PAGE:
Fringe Online 2020
Barrie Rutter returns to the Globe to direct The Two Noble Kinsmen. Jessica Worrall provides a spectacular array of costumes to enliven the already-festooned Globe stage, enlivened with Ewan Wardrop’s choreography. Eliza Carthy’s music directed by Andy Moore strikes a felicitous balance between folk and soft fiddle sounds. Guitar/Tenor Banjo is David Delarre, Double Bass David Donnelly, Percussion/Violin Doe Mehmet, Trombone Abigail Newman. The work of Fight Director Kevin McCurdy’s mainly to be seen in Act Three. Globe Text Giles Block, Movement Glynn MacDonald, Voice Caoch Sarah Chase, Assistant Director Chloe France, Deputy Text Christine Schmidle, Costume Supervisor Anna Josephs, Production manager Wills, Stage Manager Liz Isaac, Head of Wardrobe Megan Cassidy, Head of Wigs/Make-Up Pam Humpage, Props Katy Brooks, Producers Lotte Buchan, Jessica Lusk.
Film Director Ian Russell, Camera Supervisor Chris Goor, Sound Supervisor/Editor Julia Gough, Camera Operators Christy Lee, Jams day, Bruce Miller, Vince Spooner, Sound assistants Chrristina De Lama, Elayne Hall. Head of Film Distribution Chui-Yee Cheung, Till 23.59 May 17th.
The third Globe fortnightly screening is a gem of a production of Shakespeare’s last work, in collaboration with John Fletcher. It’s unmissable and makes the best possible case for this strange mix of sublimity and the absurd, tethered by the oddest tale out of Chaucer yet dramatized.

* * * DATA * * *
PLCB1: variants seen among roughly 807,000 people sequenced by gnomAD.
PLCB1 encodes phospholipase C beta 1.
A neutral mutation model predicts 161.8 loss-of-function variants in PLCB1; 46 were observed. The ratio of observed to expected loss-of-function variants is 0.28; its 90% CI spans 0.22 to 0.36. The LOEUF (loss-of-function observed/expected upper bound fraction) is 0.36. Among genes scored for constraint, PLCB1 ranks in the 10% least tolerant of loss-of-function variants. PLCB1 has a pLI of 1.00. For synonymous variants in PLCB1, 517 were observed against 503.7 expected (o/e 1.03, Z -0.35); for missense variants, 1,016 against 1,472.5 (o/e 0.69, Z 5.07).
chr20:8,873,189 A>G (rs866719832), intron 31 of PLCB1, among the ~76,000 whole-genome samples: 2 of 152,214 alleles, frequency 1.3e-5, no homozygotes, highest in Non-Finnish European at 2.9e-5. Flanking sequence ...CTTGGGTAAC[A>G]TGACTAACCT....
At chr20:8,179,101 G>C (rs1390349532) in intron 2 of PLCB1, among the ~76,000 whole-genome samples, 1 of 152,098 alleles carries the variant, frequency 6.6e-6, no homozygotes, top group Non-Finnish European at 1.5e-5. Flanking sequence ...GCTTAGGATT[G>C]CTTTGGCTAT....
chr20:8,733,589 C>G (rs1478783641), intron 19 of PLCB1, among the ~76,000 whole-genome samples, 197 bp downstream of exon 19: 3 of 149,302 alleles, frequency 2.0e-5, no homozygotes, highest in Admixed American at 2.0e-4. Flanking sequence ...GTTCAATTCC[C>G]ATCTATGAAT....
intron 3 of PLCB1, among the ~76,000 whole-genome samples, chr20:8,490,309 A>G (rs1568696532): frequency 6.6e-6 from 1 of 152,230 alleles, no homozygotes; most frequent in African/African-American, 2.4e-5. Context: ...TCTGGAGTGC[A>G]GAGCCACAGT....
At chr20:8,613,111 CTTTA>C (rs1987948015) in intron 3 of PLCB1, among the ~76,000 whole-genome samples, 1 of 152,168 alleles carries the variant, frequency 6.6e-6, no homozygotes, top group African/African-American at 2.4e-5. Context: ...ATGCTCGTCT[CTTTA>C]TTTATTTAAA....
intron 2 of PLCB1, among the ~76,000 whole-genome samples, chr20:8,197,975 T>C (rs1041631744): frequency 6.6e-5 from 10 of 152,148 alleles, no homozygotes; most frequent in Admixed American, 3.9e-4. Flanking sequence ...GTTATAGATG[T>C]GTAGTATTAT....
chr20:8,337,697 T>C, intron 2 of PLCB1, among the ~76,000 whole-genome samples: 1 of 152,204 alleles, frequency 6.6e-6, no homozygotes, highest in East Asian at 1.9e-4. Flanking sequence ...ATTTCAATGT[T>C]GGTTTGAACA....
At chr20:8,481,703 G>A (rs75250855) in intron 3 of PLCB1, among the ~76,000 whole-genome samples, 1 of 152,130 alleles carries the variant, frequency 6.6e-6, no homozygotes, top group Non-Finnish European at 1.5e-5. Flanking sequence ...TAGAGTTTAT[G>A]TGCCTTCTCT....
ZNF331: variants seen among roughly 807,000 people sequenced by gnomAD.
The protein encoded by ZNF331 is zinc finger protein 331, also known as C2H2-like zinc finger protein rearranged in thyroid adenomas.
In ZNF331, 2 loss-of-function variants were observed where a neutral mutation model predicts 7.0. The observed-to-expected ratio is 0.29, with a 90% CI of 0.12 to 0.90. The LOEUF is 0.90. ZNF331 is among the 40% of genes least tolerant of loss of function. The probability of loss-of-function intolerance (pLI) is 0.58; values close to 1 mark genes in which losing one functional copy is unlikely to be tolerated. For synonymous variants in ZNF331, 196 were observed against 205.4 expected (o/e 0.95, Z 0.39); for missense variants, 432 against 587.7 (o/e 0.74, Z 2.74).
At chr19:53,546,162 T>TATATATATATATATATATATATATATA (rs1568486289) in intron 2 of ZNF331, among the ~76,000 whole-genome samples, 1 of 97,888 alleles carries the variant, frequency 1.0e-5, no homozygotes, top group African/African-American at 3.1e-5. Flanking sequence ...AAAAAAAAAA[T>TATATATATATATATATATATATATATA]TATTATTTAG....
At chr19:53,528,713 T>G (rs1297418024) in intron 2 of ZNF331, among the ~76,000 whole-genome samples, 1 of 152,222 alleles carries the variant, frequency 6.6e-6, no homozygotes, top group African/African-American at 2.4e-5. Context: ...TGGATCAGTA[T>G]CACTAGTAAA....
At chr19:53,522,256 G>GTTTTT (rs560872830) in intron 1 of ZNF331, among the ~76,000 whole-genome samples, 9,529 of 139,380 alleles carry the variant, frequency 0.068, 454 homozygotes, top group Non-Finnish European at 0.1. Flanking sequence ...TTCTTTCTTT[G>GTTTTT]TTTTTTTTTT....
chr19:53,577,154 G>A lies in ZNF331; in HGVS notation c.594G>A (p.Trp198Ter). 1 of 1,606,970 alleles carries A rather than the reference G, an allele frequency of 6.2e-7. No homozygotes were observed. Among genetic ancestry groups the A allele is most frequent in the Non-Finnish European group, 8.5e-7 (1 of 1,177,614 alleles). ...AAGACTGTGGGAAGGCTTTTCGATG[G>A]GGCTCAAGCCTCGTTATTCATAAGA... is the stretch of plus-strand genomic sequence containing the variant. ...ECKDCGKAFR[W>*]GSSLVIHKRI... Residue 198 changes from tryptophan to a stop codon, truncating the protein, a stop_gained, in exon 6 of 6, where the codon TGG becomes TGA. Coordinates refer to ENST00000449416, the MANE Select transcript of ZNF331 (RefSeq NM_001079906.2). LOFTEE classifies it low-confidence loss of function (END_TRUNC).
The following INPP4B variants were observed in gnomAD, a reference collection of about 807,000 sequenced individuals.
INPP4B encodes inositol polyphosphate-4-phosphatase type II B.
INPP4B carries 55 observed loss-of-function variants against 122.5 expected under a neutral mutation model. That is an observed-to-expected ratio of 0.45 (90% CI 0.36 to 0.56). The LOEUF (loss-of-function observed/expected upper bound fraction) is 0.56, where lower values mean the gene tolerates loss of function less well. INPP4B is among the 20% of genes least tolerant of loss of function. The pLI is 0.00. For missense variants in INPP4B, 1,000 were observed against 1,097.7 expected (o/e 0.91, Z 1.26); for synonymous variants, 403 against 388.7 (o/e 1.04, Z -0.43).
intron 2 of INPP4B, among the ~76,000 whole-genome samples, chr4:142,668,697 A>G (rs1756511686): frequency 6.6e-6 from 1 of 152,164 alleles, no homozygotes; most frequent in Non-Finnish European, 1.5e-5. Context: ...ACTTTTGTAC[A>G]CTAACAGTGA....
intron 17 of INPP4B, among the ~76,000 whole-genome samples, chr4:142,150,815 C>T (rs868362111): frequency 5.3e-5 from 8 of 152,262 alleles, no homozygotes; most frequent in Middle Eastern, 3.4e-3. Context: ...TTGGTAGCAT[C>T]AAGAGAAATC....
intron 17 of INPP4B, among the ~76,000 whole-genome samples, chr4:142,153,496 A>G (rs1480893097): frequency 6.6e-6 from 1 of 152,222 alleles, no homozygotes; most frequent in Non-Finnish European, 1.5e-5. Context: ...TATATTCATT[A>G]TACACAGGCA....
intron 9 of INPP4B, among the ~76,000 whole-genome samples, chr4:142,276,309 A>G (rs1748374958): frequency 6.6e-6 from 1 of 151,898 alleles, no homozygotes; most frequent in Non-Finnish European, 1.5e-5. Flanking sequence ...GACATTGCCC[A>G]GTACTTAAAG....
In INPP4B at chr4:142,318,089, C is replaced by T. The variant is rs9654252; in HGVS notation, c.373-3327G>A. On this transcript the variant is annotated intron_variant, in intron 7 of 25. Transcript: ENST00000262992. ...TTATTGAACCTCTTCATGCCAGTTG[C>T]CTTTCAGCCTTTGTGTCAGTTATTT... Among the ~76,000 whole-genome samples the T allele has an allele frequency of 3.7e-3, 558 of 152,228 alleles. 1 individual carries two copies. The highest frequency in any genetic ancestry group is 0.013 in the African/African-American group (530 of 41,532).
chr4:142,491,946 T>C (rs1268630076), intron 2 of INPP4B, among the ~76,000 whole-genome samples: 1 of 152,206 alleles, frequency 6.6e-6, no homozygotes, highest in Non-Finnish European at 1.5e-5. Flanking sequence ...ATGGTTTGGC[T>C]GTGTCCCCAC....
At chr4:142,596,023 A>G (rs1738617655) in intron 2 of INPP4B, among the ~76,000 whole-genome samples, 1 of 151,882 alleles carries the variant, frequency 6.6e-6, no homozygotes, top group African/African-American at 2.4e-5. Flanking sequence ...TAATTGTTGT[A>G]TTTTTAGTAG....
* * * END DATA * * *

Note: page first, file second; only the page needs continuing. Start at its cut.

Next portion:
A Two Noble Kinsmen where the show-stealer’s a secondary character, yet a production silvering pathos with laughter for its eponymous heroes, rebirth from tragedy for everyone, a vivid raid on genre.
This is what the Globe’s about, where energy and festivity enliven a play weighed with ceremonials and processions celebrating more vigorous offstage action. A play that in a word can drag if its essential balances aren’t struck, or even grasped.
Fresh from twenty-six years leading Northern Broadsides Barrie Rutter returns to the Globe after twenty-two years (from before its official opening) greeted by the same Front of House manager asking what kept him.
The Two Noble Kinsmen, we’re reminded, contains Shakespeare’s actual last words to the audience, rather than The Tempest, since he closes the play he and Fletcher collaborated on, as he did with Cardenio/Double Falsehood and (most think) Henry VIII. It’s a little more Fletcher’s play (in the central acts) but bearing joint obsessions: Fletcher on ruptured friendship, both with choric commentaries, Shakespeare’s with deflating heroes and escapes into woods and love rivalry (The Two Gentlemen of Verona, A Midsummer Night’s Dream).